Which boils faster, hot water or cold water?

Cecil said:

This is true, but you should never make tea (or any drink that requires
hot water) from reboiled water, as the removal of most of the dissolved
oxygen from the water during the first boiling makes the water taste
awful - and your tea ever more so. That’s why water from an urn (as
many offices have) always makes shite tea.

So… ALWAYS boil fresh water - only as much as you need - each and every time! :smiley:

So the first boiling removes the dissolved oxygen, yet somehow its influence is still there when you make tea from it? How is it that the problem appears only when it’s boiled a second time?

Tea connoisseurs will tell you that you must not boil your water for tea. You must remove it from the heat immediately before it begins to boil. They even sell special little devices that you put in your tea kettle which rattle when the bubbles begin forming on the bottom – but before the water reaches a full boil.

Personally, I cannot tell the difference.

I make awesome tea (It’s my superpower, seriously. Ask anyone who knows me.) and I’ve never noticed a difference between once-boiled or twice-boiled water. Or four-times boiled for that matter (I get distracted a lot).

Sorry, I made my point poorly. :smack:
What I meant was this: Boiling water removes SOME of the dissolved oxygen -
reboiling removes MORE and it’s this that affects the taste. Reboiling AGAIN
will taste even worse.

Sure, there are those who say they’ve never noticed a difference, but that
doesn’t mean there isn’t a difference in taste, it simply means that these
poor people are unable to tell the difference. This could be due to a poorly
developed palate, a lack of observational skills or perhaps they’re
smokers (or just ‘simple’?) who knows?

The thing is, we need to be VERY wary of the lazy, illogical, existential notion of
“If I didn’t see it/touch it/taste it, then it doesn’t exist”. My mother lived in Romania
during the '50s and SWORE there was no Russian influence in Romanian politics,
and NO Hungarian revolution - simply because she (a) saw no Russians, and (b)
heard nothing about the uprising in Budapest.
Facts are facts, perceptions can lead us to facts, but they are not facts themselves.

Anyway, if you’ve REALLY not noticed it, try this test.

(1) Fill a cup with cold tap water. Put it to one side and label it (A)

(2) Boil some water.

(3) Fill another cup with this water. Label it (B)

(4) Reboil the remaining water.

(5) Fill another cup with this water. Label it (C)

(6) Leave all cups to cool.

(7) When all cups are at the same room temperature, drink from each one.

(8) Each cup WILL taste differently. The boiled water will most likely taste flat,
dead, dull. (A) will taste better than (B) and (B) will taste better than (C).

(9) If you still don’t notice a difference, might I suggest you never ever
eat at good restaurants or buy good quality food. There’s no point, it’s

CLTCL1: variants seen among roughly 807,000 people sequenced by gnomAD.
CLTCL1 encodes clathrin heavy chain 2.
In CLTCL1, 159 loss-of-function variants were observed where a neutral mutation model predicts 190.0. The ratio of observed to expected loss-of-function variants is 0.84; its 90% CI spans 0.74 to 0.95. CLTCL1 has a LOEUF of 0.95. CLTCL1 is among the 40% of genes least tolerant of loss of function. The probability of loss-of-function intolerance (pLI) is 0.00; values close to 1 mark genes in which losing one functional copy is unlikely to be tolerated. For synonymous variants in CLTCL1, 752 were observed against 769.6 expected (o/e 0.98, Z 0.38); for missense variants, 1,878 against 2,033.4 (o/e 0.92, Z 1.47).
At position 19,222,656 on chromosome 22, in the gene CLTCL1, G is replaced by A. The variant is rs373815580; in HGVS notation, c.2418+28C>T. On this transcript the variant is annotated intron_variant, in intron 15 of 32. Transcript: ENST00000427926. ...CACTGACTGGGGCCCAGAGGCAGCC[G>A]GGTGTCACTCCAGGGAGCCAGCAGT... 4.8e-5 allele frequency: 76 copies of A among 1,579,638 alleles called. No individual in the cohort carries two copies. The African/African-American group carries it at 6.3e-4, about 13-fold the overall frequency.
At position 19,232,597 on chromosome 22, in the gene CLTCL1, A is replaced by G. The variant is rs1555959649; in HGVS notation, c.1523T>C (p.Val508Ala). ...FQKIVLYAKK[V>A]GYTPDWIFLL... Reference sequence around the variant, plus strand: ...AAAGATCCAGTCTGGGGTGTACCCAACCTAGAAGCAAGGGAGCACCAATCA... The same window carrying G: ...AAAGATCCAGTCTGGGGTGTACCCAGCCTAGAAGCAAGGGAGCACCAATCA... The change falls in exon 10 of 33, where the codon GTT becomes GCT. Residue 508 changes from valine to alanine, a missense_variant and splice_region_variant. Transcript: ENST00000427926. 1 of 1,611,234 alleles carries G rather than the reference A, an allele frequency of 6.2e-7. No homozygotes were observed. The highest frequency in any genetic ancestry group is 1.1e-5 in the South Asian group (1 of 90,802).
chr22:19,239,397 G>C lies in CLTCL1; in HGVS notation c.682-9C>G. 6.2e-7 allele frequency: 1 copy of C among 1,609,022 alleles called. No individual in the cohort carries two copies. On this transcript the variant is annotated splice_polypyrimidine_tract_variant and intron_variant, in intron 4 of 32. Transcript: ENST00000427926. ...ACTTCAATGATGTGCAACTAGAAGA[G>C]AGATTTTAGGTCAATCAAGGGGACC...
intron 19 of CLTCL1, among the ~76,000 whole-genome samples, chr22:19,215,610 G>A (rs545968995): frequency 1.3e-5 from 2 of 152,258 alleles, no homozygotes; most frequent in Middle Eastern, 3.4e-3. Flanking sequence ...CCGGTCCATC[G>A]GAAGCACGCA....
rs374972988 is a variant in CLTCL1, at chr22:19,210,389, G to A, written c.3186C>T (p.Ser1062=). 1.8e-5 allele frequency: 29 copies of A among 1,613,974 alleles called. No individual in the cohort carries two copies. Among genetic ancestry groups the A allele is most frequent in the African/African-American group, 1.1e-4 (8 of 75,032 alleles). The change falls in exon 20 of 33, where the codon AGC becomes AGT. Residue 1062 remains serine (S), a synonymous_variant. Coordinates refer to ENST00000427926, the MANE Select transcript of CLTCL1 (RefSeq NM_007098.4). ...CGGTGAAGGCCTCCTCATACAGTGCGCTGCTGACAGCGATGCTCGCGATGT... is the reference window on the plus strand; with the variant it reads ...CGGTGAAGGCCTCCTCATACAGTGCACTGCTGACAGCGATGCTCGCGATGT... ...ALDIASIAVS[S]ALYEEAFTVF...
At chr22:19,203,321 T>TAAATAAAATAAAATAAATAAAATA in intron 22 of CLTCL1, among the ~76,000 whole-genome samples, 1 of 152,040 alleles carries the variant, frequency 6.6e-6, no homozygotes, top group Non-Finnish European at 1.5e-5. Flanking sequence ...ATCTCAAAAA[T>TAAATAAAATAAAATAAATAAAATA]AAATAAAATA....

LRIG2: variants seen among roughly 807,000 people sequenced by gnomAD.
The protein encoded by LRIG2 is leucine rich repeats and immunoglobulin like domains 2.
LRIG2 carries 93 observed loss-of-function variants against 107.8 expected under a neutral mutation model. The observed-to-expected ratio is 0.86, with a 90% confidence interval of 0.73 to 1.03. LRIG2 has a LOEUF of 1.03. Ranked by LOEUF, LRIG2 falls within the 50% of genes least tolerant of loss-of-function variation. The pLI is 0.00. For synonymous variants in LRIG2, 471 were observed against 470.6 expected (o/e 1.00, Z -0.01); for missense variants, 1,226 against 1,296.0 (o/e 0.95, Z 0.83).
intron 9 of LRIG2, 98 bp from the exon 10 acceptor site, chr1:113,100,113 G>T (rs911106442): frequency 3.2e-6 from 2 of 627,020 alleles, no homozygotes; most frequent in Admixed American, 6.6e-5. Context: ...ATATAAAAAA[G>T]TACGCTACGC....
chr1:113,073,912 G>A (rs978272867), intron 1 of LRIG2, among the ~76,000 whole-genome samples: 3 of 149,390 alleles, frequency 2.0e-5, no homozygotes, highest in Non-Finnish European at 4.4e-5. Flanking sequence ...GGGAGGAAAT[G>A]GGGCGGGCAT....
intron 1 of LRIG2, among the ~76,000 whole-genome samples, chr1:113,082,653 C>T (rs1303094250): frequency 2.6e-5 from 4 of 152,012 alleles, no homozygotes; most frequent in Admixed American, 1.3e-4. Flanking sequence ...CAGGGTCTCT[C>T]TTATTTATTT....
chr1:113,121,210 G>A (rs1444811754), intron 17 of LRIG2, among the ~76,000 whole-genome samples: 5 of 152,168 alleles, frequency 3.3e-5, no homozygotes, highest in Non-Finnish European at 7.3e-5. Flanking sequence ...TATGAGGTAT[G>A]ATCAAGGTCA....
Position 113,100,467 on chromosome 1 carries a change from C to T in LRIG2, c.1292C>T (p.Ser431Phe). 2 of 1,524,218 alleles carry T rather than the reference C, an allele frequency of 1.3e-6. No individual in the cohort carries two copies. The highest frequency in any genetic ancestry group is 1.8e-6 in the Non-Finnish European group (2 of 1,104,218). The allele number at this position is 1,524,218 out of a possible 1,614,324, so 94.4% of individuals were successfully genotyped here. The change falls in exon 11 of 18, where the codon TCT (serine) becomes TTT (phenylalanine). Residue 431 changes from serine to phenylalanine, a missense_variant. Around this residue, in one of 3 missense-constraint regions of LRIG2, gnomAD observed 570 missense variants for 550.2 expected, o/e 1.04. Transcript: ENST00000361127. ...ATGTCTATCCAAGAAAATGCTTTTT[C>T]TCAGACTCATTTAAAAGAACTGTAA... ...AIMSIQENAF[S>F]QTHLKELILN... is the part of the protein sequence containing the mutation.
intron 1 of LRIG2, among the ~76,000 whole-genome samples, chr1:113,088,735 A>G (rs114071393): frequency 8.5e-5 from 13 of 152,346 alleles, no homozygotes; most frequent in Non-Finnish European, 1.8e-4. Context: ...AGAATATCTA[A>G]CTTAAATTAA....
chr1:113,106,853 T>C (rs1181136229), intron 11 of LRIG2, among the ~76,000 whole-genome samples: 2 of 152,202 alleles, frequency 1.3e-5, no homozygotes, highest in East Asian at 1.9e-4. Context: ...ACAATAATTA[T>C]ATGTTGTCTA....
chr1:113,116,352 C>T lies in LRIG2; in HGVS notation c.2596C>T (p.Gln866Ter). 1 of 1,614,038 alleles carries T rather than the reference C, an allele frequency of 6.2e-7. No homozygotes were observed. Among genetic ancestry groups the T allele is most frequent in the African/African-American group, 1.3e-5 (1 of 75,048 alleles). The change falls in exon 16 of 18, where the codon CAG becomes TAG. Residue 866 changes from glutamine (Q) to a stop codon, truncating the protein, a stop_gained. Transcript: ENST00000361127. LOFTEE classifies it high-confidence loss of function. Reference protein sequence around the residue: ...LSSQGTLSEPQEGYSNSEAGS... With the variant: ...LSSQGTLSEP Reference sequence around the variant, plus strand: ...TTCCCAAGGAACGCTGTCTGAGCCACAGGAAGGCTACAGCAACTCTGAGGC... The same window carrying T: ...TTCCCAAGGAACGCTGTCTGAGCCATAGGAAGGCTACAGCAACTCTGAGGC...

wasted on you! :wink: :smiley:

NOTE: It’s important to note that we’re talking about dissolved oxygen, and not the oxygen that makes up the H2O molecules. :slight_smile:

And I’ve never noticed the curvature of the earth. I guess it must be flat after all! :smiley:

Not the same thing, snarky man. And your “boiled water taste test” is irrelevant. What’s wanted is a BLIND taste test, by many people, using tea made from unboiled, boiled, and reboiled water, because the tea itself has a strong flavor. Not only that, you’d have to control for other things in the water like mineral content. I can hypothesize that some minerals, having been concentrated by the reboil, might actually make tea taste better, possibly depending on the type of tea.

Then there’s the problem of the cup of tea made from unboiled water. How long should it steep cold? Should it be drunk cold? Almost certainly not, but then how do we reheat it so as to be sure we lose no dissolved oxygen? Is the process of cold steeping significantly different than hot steeping such that there are other taste differences introduced?

We can agree that boiling and reboiling removes dissolved oxygen from water. As for the rest, unless one is a tea company, de gustibus…

Dang, Cecil, why’d you bring this up again?
I suspect the origin of the “hot water freezes faster” myth comes to us with the advent of the ice makers in refridgerators. I remember many years ago hearing a salesman telling a potential customer that he should connect the icemaker to the hot water supply because it would freeze faster. Yeah, right. It hadn’t been that long since I’d aced my high school physics so I figured an experiment was in order.
I went home and dumped the ice out of four trays, filled two with hot tap water and two with cold tap water then put then in the freezer. I repeated this several times placing the trays in various locations, and spaced the experiment over two days annoying tha crap outta my then wife.
Guess what. The cold water froze faster every time. By quite a bit. I was gonna go back and kick that salesman’s ass on principal, but little woman (this was back then) wouldn’t let me.
I guess that settles that!

Uhh, mangeorge… This article was about boiling, not freezing. That was a different column.

I shall apologize when Cecil Himself calls me out.

I am sure cold water boil much faster than hot one.

posted in wrong area and removed - sorry

To add onto this topic, there is are certain circumstances where hot water will freezer faster than cold water. It’s called the Mpemba effect.

I feel the need to chime in that I prefer once boiled water to never boiled water. Boiling removes the chemical flavors and gives it a cleaner taste to me. I agree with the noticeable change, but to some it’s for the better. :wink:

Is that “stowed”, Bob, or “stewed”? :smiley: